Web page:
Blueprint of a Novel: The Beginning

This is the first installment in a series of three. Check back Tuesday for the second!

Larry Brooks over at Story Fix has a fantastic 10-part Story Structure Series. The series goes over all four acts, all three major disasters, as well as other milestones in between. As Larry points out several times, structure is everything. You can’t build a house without a blueprint, nor can you write a novel without one.

A blueprint for a novel is not an outline. An outline is the detailed scene list you would create with Randy Ingermanson’s Snowflake Method. A blueprint is a general guide of major milestones in a story, filling in about 2/3 of your novel, leaving 1/3 of it for you, the writer, to fill in as you go.

Neither method is better than the other. Whichever you use is up to preference, and you cannot be faulted for using one instead of the other.

I spent a considerable amount of time yesterday going through each of the ten parts of the Story Structure Series, noting the important milestones, and applying them to the working plot I have in mind. Lucky for you, this means I have a generic blueprint ready to be filled in.

Larry, however, uses different terms than I usually do. While the discrepancies are easy to figure out, I’ll be nice and use both terms: the ones I tend to use here, and the ones Larry uses on Story Fix.

Act One (Part One): Setup

Hero: In Act One, you need to show your hero as a human. What is your hero’s life like before he becomes a hero? The readers need to empathize with your hero, even if they don’t necessarily like him yet. What are your hero’s inner demons? In other words, what quality, state, prejudice, etc, about your hero must change for him to win in the end?

Hook: Within the first three or four scenes, you need a hook to grab your reader. The hook doesn’t necessarily change anything, but it must be emotionally provoking, seducing the reader to keep reading. It must come early, and it must be good.

Stakes: Stakes here are at the lowest point in your novel, but they still must be there. The reader must have a sense of what the hero has to lose. Whether it’s their job, a friend, a lover, or a scholarship, the stakes must be there. Stakes raise tension and make the story powerful emotionally.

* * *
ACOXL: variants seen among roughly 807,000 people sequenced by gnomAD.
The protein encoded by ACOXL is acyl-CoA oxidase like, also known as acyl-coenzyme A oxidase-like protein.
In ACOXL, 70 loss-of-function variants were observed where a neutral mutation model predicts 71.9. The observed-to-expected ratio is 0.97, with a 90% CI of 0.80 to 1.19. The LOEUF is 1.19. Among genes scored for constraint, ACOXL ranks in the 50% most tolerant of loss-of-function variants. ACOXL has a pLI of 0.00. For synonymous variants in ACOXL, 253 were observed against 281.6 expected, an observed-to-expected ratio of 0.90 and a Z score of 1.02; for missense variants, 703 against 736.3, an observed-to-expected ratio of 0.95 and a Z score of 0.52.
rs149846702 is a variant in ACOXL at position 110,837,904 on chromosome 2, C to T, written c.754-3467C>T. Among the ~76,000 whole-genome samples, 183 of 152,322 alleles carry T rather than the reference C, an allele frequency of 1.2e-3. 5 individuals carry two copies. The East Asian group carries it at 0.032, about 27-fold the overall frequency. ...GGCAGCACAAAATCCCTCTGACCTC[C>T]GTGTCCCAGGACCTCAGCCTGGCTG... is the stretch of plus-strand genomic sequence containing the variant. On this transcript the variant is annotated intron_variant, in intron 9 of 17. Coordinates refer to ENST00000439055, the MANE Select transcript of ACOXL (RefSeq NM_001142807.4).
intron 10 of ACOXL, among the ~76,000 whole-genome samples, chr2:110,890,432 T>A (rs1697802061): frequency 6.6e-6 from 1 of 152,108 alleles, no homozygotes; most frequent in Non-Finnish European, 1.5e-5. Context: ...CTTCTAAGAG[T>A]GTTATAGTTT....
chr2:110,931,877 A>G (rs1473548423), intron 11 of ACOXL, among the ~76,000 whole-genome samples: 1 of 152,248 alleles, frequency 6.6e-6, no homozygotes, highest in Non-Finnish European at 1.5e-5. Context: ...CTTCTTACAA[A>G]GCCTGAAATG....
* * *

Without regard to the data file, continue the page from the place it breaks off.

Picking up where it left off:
Foreshadowing: The reader needs to sense the upcoming change, both in the upcoming disaster (plot point) and in the rest of the novel. Often, the foreshadowing elements are only visible in retrospect. While foreshadowing may be weak in a first draft, before you’ve written the end, your subsequent drafts should strengthen it.

First Plot Point: This is the First Disaster or Inciting Incident. Your conflict is front and center. Your hero’s goals and motivations change to what they will be throughout the rest of the novel. The FPP arrives about a quarter of the way into your novel, and it’s where the real story begins. This FPP is huge, so I highly suggest you read Larry’s posts on it, as he has several.

Sources and further reading:

That’s all for Act One. An outline would contain these milestones plus the transition scenes between each. Check back Tuesday for the blueprint for Act Two. In the meantime, why not fill out this blueprint yourself, either with a working plot or one you’ve already written?

Advertisements

About Squishy

Writer, dancer, gamer, and admirer of all that is beautiful.

Posted on December 16, 2010, in Ishy Writes! and tagged , , , , , , , . Bookmark the permalink. 2 Comments.

Leave a Reply

Fill in your details below or click an icon to log in:

WordPress.com Logo

You are commenting using your WordPress.com account. Log Out / Change )

Twitter picture

You are commenting using your Twitter account. Log Out / Change )

Facebook photo

You are commenting using your Facebook account. Log Out / Change )

Google+ photo

You are commenting using your Google+ account. Log Out / Change )

Connecting to %s

%d bloggers like this: